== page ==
At first glance, the Jamaicans seemed to be some of the happiest people we’d ever met. They were all smiles as they sold those “Jamaica, No Problem” T-shirts to the tourists bustling around the harbor. But when our tour bus took an unauthorized errant turn and ended up in the woods, our perceptions changed. Especially when a man walked out of those woods dressed in what I can only describe as a hippy Carib Indian outfit replete with herbs and dangling vines covering him from head to toe. He was introduced by the bus driver as a local herbalist and he proceeded to give us, his captive audience, a lecture on herbs and then offered us the opportunity to buy those herbs. The driver and Dr Herbalist were quite insistent and clearly unhappy when most of the tourists declined their offer.
So, if people living on a beautiful Caribbean island with mostly sunny days and warm breezes aren’t always happy, then, who is, you ask? This is the exact question that Eric Weiner, author of The Geography of Bliss has pondered and attempted to answer in an informative and entertaining book. Weiner is a self described pessimist and curmudgeon who hasn’t let that stop him from pondering why some people seem to be so much happier than others. This question led him on a series of trips to far flung places around the world to see if he, too, could uncover the reasons for other peoples’ happiness. He visited local people in a number of countries, ate and drank and danced with them and conferred with professors who actually study and measure a place’s happiness index. Yes, there are Happiness professors at many universities around the world. Who knew?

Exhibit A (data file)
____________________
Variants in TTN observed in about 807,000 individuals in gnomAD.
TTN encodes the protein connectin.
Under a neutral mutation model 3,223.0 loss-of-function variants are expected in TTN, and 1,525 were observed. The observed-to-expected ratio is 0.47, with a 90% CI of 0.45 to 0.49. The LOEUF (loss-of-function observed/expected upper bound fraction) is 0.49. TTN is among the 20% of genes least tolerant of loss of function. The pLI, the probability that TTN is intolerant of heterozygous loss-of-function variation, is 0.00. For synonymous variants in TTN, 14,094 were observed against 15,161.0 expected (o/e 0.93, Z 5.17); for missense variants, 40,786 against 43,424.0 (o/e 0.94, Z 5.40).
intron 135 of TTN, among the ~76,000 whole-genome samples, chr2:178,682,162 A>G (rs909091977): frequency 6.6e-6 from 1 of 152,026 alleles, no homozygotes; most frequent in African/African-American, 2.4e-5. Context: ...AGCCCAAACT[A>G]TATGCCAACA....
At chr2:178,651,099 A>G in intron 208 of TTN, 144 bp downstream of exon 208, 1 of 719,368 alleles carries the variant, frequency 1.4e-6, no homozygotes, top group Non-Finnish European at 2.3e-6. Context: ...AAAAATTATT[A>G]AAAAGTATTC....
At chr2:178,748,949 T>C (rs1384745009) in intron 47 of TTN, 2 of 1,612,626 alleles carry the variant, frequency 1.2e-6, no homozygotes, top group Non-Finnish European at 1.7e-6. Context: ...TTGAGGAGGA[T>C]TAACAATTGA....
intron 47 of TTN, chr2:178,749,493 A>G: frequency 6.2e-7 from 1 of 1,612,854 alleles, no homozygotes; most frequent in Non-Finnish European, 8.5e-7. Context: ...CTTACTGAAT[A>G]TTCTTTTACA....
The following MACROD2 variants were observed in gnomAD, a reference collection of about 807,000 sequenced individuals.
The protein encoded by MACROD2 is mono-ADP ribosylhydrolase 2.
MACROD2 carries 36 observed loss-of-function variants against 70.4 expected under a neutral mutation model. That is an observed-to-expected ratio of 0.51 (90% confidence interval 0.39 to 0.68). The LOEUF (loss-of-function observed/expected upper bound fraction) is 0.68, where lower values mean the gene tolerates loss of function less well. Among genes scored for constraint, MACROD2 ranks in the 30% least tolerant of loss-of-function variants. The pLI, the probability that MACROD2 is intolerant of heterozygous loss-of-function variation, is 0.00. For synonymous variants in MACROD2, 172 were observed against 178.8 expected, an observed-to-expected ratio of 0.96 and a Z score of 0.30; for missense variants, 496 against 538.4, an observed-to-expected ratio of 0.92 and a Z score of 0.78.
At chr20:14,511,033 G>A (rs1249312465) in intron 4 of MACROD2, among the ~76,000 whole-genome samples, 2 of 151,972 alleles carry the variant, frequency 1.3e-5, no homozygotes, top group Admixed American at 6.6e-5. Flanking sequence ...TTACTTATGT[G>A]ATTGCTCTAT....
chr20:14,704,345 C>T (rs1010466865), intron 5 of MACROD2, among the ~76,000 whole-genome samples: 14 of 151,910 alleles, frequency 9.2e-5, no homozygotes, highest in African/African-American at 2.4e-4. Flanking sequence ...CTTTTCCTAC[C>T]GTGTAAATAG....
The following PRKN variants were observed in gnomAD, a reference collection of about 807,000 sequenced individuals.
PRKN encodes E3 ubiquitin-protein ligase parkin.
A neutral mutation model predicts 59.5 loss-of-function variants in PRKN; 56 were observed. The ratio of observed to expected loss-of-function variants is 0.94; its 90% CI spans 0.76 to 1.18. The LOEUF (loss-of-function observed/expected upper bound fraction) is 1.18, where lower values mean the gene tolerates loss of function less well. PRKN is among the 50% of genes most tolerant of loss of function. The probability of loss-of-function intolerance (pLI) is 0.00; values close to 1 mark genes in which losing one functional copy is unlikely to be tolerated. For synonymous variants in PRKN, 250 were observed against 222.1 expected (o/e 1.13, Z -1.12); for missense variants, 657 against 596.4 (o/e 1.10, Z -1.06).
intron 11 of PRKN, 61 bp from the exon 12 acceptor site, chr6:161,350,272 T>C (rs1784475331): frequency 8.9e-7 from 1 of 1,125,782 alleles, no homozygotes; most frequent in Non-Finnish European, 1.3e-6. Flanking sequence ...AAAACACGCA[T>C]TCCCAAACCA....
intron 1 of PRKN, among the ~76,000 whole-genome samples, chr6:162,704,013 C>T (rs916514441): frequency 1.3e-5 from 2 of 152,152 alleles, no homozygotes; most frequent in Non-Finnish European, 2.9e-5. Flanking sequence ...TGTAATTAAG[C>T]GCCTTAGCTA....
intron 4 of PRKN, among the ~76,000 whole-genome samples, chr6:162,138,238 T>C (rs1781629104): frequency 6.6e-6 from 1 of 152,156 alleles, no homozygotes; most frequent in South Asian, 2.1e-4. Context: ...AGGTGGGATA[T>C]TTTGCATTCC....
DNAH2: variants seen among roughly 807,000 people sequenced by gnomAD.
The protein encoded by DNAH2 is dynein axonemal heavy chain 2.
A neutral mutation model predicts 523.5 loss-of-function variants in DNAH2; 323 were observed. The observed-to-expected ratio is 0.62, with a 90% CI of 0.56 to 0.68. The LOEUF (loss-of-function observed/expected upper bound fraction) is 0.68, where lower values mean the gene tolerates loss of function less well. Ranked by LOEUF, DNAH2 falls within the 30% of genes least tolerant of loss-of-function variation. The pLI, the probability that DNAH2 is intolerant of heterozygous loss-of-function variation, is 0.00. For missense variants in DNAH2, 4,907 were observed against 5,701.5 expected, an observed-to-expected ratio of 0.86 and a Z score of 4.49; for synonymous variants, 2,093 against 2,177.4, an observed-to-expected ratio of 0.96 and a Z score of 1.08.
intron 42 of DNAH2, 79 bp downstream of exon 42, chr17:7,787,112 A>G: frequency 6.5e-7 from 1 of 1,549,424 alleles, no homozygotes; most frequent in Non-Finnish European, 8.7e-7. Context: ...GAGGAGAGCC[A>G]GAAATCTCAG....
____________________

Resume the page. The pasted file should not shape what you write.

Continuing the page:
Some of the locations where the happiest people live are not surprising but others certainly are. I don’t want to spoil this trip around the globe for you by revealing the results so you will have to find out for yourself by reading this unusual and often funny book. And, when you’re done reading Weiner’s book, do try the following books about two of the country’s that Weiner visited, Bhutan and Moldova. This may give you more insight about where their citizens rank on the Happiness Index and why.
First, Jamie Zeppa’s Beyond the Sky and the Earth: a Journey Into Bhutan will take you on a trip to this country at the top of the world as you experience it through the eyes of a Canadian teacher who moved there to teach English. My favorite quote from this book was a poem found on a road near Bhutan, “When the last tree is cut, when the last river is emptied, when the last fish is caught, only then will Man realize that he can’t eat money”.
In Playing the Moldovans at Tennis by Tony Hawks, British comedian, ex-Junior English tennis champion and quirky author(think Dave Barry) bets his friend that he can take on the Moldovan soccer team and beat them all at tennis. Read the book to see what he bet and why it’s important that he doesn’t lose that bet. This is a witty laugh out loud book that will take you to an unusual destination that few Americans ever visit.